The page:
Host Factors

Sex - In relation to the sex of the individual, Margulec et al. found that men had a fall rate of 2.1 per 100 residents while women had a rate of 4.0 falls per 100 residents.5 Sheldon also found that women were involved in about twice as many falls as men.6 Miller and Elliott, however, found that men were involved in about 25% of the total number of falls, although Feist found that they suffered a little over one-third of the injuries due to falls and significantly more deaths.8 Feist's conclusion suggests that men have more than their proportionate share of injuries, if not more falls.

Age - Studies show that the number of people falling and sustaining an injury from the fall increases with age. The degree of injury also can be correlated to increasing age, with the rate of resulting fractures increasing as the resident's age increases.5'9'10

Gryfe, Amies, and Ashley found that the rate of severe falls in a care facility was 1 17 per 1,000 persons per year. Another study showed an even higher percentage of falls resulting in fractures (80% or 415 fractures in 519 falls).5 Margulec et al also found that 60.9% of individuals with fractures died shortly thereafter. Using the death rate of that particular facility, 33.7% or 175 of the 519 clients would have been expected to die in the same time period. Agate found that people over 80 years of age have a mortality from falls eight times greater than those who are 60 years of age.12 These findings suggest that negative results of a fall increase as one grows older, especially after the seventh decade.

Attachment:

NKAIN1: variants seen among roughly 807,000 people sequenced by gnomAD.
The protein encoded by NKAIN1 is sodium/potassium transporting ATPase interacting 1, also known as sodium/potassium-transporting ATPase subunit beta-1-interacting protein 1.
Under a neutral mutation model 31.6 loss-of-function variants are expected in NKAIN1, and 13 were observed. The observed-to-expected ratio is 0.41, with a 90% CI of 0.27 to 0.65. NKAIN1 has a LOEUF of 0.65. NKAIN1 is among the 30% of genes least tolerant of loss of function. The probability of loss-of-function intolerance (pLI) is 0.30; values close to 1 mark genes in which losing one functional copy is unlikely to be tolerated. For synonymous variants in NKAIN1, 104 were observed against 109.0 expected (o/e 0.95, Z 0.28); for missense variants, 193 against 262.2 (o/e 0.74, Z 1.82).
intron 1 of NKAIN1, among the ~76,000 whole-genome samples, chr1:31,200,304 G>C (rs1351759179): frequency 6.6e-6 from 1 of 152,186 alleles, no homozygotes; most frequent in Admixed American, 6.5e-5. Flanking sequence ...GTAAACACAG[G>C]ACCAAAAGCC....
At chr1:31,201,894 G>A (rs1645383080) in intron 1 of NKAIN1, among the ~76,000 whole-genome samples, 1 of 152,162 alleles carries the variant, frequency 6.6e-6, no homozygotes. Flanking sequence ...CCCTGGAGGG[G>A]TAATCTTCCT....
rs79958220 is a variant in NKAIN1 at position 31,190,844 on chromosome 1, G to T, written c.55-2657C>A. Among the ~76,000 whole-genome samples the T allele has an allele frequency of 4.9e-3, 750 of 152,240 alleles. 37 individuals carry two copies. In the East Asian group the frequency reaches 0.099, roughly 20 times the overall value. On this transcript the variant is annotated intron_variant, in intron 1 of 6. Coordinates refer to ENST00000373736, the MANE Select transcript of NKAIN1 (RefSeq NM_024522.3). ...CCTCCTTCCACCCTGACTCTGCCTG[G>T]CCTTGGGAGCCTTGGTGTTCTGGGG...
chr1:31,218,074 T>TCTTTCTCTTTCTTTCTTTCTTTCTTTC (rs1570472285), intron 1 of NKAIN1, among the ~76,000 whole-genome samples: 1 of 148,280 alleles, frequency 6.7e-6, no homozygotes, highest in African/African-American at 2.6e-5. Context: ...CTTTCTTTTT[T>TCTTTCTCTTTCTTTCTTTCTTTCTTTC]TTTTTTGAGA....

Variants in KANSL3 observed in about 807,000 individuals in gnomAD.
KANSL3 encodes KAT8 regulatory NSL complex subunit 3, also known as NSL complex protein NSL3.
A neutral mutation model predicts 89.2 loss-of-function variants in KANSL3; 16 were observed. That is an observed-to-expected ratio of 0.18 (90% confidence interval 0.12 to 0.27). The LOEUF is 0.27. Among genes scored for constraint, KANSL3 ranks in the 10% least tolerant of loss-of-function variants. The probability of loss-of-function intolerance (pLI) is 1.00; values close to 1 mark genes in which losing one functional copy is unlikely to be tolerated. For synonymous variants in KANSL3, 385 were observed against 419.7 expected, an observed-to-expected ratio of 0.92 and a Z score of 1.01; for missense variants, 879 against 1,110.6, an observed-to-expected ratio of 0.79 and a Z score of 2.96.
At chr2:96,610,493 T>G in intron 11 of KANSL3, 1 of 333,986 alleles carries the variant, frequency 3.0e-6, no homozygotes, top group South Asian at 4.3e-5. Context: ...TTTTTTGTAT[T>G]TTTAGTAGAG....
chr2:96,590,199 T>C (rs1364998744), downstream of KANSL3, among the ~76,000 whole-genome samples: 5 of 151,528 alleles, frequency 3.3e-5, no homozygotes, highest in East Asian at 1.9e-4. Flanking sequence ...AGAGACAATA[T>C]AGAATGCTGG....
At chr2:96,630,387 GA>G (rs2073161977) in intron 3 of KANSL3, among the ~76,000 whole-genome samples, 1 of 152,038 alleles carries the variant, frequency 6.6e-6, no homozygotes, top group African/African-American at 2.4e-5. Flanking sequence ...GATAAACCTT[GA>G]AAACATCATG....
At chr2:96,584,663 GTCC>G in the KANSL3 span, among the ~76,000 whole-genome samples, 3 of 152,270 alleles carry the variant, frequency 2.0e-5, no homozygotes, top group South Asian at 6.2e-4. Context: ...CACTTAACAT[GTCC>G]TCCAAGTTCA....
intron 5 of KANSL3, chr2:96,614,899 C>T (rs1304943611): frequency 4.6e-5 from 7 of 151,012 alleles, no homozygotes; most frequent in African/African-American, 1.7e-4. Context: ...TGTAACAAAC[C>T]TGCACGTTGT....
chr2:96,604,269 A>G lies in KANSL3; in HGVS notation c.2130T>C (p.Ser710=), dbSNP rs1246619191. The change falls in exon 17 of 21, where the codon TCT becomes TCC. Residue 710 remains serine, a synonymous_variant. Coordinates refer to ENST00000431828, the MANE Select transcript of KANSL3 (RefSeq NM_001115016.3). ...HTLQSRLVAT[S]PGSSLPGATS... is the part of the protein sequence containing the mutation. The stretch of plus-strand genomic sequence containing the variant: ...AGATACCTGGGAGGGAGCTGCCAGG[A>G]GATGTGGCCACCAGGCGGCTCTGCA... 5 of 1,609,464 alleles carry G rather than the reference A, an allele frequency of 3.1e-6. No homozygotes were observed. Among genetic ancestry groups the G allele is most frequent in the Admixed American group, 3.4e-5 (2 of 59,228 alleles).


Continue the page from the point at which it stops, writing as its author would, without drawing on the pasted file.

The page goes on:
Level of physical activity- Both Margulec et al and Feist8 reported similar conclusions. First, both authors found that more falls occurred among people experiencing more limited activity of daily living than those who were more mobile. Secondly, the death rate following falls is significantly higher among more debilitated individuals. Kalchthaler, Bascon, and Quintos found those using assistive devices, implying greater debility, had the least number of falls, suggesting that there are ways to reduce falls even among the more debilitated.13